9. Anonymous Coward
    Anonymous Coward

    Northgate

    the second I saw that name, I had any element of surprise knocked out of me.

    1) Has anyone used ResourceLink/MyView ? A more pants design is hard to imagine. It would have been clunky in 1996

    2) Anyone had the misfortune to try and apply for a Blue Badge online ? Echoing the first comment to this story, it's almost like they don't want anyone to have one.

  10. benwidebottom

    security?

    Remember that massive failure where they lost evidence from victims?

    Check out their website. It's insecure. Look for yourself.

    They so clueless about security?

    Maybe the won't name their head of security (like every serious business does) because they haven't got one? Jobs for the boys? Creeping chumocracy again?

    This really worries me. I would never trust em with my information. With all these screwup and obvious attempts to hide the truth ... I don't know why anyone would.

    That Goddard lady probably did the smart thing and jumped before the inevitable HUGE disaster becomes public.

  11. Anonymous Coward
    Anonymous Coward

    love to see that "IT Review" report

    Love to see that "IT Review" report. Unedited.

    Only months in and they need external IT reviewers? Daaaam. Things must be totally fscked in there. Those must be the "internal tensions" the retiring Lady complained about.

    Maybe an FOI on the Home Office will shed some light.

    Will heads roll? Don't hold your breath. They never do when it's faceless bureaucrats.

  12. fritzmax

    W. T. F. !

    W T F !

    So where is all the private data they've collected for months from victims, police, Lambeth, schools, church, ... ?

    Is it all in an email account? Dropbox? A computer-under-a-desk?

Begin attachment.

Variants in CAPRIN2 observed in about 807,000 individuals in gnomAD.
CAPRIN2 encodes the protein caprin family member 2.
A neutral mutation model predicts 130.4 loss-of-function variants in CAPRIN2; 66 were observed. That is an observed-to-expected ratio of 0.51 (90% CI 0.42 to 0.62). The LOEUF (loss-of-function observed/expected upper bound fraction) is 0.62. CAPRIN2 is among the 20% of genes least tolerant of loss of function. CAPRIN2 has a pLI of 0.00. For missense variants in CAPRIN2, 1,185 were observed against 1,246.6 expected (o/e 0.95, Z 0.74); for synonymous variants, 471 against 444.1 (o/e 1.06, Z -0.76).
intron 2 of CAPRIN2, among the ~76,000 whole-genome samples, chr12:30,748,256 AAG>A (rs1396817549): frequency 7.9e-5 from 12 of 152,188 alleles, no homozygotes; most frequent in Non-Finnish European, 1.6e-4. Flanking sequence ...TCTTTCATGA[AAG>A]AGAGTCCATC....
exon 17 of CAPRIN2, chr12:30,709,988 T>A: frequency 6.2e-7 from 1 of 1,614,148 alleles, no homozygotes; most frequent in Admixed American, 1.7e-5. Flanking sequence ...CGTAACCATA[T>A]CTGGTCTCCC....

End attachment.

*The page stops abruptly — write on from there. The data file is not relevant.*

If I was any of those groups that gave these clowns sensitive information I'd be DEMANDING to know wherenit is, and WHO is responsible for its security.

    Isn't this against the law or something? Mr ICO?

    Gobsmacked.

    1. Anonymous Coward
      Coat

      Re: W. T. F. !

      That has me scratching my head here. WTF do the law enforcement agencies use to store such information now? Or does that mean that they've blown off all such investigations for so long, they've never seen the need for such a tool?

    2. benwidebottom

      Re: W. T. F. !

      Don't be silly ... it'll all be on a USB stick.

      1. davidp231

        Re: W. T. F. !

        Don't they take it a step further these days and leave the whole laptop on the bus/train?

    3. Mark 85 Silver badge

      Re: W. T. F. !

      So where is all the private data they've collected for months from victims, police, Lambeth, schools, church, ... ?

      Is it all in an email account? Dropbox? A computer-under-a-desk?

      Probably in a cardboard box labeled "nasty stuff" under the junior investigator's desk. If we watch enough of those "cold case" kind of TV shows, that's where the evidence is always located.

  13. 404 Silver badge
    Thumb Up

    Off topic

    The lead picture on top of the story is fucking beautiful! I don't say that much, but at first glance I thought it was a painting, but no, a great camera shot.

    Kudos to the photographer - went ahead and saved it for future reference.

  14. Snowy Silver badge

    Delaying it how saves them having to lose it later, like they did with the other report.

    Then after the next election they can quietly drop it.

  15. Omar Smith
    FAIL

    Historic Independent Inquiry into Child Sexual Abuse

    The 'Independent Inquiry into Child Sexual Abuse' was designed to fail, as have all the others and it was never independent. IICSA was set up by then home Secretary Theresa May to shutdown the CSA enquiry. None of the sacked CSA members were on the new 'independent' inquiry. ref ref.

  16. Whitter
    Paris Hilton

    Surely FOI applies to the IICSA ?

    "IICSA would not name the head of security nor was it prepared to detail the staffer's qualifications or experience"

    Name of person? A senior role in a public office equals no expectation of privacy.

    Qualifications? Absolutely no expectation of privacy.

    It certainly looks like FOI should apply to the structure of the body (though not their evidence / deliberations thereon obviously)

  17. Anonymous Coward
    Coat

    Grass

    I hear the whispering Grass that all this is being punted toward

    Mines the one with the "One Man and His Dog that went to mow a meadow" in the pocket

POST COMMENT House rules

Not a member of The Register? Create a new account here.

  • Enter your comment

  • Add an icon

Anonymous cowards cannot choose their icon

Biting the hand that feeds IT © 1998–2019